According to a recent Québec Superior Court decision, Facebook users are currently precluded from filing suit in Québec against the social media giant.  

On April 1, 2011, the Québec Superior Court in St-Arnaud v. Facebook [2011 QCCS 1506] dismissed Petitioner St-Arnaud’s motion to authorize the bringing of a class action against Facebook in the name of all physical persons in the Province of Québec who were allegedly subject to misrepresentations, breach of privacy, invasion of privacy, or other wrongful practices with respect to the loss or unauthorized use of their personal information. In upholding the validity of the attornment clause found in Facebook’s Terms of Use, the Court determined that it lacked jurisdiction to hear any claim or dispute relating to Facebook.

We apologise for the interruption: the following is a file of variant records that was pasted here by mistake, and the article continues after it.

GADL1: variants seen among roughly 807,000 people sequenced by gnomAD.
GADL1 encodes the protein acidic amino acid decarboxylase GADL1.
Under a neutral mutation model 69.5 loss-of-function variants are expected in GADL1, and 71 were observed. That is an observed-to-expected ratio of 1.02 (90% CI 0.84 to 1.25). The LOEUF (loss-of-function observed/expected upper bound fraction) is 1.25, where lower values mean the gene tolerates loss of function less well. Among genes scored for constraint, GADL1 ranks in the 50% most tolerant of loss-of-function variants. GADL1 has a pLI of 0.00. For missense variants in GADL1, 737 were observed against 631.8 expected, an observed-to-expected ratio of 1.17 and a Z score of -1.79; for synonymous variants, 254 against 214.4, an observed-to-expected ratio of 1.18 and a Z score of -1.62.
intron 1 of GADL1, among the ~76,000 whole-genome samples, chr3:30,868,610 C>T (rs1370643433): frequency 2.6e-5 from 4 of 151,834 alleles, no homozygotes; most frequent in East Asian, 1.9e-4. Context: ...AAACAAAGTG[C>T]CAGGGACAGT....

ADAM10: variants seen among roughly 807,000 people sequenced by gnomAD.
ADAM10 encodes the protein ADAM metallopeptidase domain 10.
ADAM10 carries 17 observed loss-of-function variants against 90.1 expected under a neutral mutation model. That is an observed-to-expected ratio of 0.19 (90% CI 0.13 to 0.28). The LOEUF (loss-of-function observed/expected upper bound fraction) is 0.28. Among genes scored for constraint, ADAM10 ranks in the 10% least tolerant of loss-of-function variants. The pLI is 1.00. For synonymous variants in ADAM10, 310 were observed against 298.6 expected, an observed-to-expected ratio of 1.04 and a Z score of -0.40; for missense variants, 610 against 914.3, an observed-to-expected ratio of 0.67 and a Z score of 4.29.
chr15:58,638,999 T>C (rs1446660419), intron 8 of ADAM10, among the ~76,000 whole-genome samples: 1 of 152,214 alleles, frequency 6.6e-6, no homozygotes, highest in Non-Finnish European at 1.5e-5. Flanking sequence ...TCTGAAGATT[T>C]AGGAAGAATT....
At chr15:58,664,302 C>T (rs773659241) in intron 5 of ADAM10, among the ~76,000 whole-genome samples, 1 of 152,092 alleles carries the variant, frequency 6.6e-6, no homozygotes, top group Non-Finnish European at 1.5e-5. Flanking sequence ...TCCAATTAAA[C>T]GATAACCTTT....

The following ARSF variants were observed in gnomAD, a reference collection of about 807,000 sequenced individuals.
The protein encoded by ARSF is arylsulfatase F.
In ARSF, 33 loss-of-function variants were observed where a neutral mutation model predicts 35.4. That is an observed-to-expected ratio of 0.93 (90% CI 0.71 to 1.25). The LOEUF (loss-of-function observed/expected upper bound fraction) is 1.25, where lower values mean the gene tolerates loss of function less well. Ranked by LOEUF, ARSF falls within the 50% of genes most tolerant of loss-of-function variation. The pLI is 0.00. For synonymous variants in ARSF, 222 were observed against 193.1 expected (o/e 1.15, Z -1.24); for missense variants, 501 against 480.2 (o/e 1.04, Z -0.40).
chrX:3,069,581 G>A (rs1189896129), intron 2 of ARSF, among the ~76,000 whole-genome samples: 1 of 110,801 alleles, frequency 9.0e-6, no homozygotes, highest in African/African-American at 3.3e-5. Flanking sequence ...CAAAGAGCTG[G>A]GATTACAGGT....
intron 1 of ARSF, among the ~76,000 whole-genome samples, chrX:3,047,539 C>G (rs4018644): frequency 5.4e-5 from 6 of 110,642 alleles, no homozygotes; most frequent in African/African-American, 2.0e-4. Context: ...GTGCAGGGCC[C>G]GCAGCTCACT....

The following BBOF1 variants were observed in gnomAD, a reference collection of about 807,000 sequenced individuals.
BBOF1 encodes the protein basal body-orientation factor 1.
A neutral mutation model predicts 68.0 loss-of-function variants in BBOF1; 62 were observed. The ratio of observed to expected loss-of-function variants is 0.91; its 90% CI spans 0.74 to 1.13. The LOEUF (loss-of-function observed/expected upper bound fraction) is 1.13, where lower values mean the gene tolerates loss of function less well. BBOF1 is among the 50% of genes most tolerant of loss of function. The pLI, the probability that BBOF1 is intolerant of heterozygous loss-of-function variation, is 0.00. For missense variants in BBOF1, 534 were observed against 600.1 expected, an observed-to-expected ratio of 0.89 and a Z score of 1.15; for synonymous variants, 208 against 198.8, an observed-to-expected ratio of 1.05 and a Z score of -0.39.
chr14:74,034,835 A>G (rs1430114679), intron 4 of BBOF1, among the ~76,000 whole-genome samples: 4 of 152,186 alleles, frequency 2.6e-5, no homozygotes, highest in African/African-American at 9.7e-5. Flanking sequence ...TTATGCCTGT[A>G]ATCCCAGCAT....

Although Québec civil law prohibits and declares unenforceable in Québec any clause by which a consumer in an action involving a consumer contract waives the jurisdiction of Québec courts, the Court upheld the attornment clause on the basis that there was no “consumer contract “between Facebook and its users. Noting that a consumer contract is necessarily premised on payment and consideration, the Court opined that there was no “consideration” on the part of Facebook users since they do not, when joining or accessing the social network, undertake to pay Facebook, post information, promote Facebook or remain a user for a specific period of time. An appeal of the decision was filed on May 2, so the question remains open as to whether the Courts in Québec will ultimately conclude that Facebook is effectively immune from consumer class actions in that province. Stay tuned!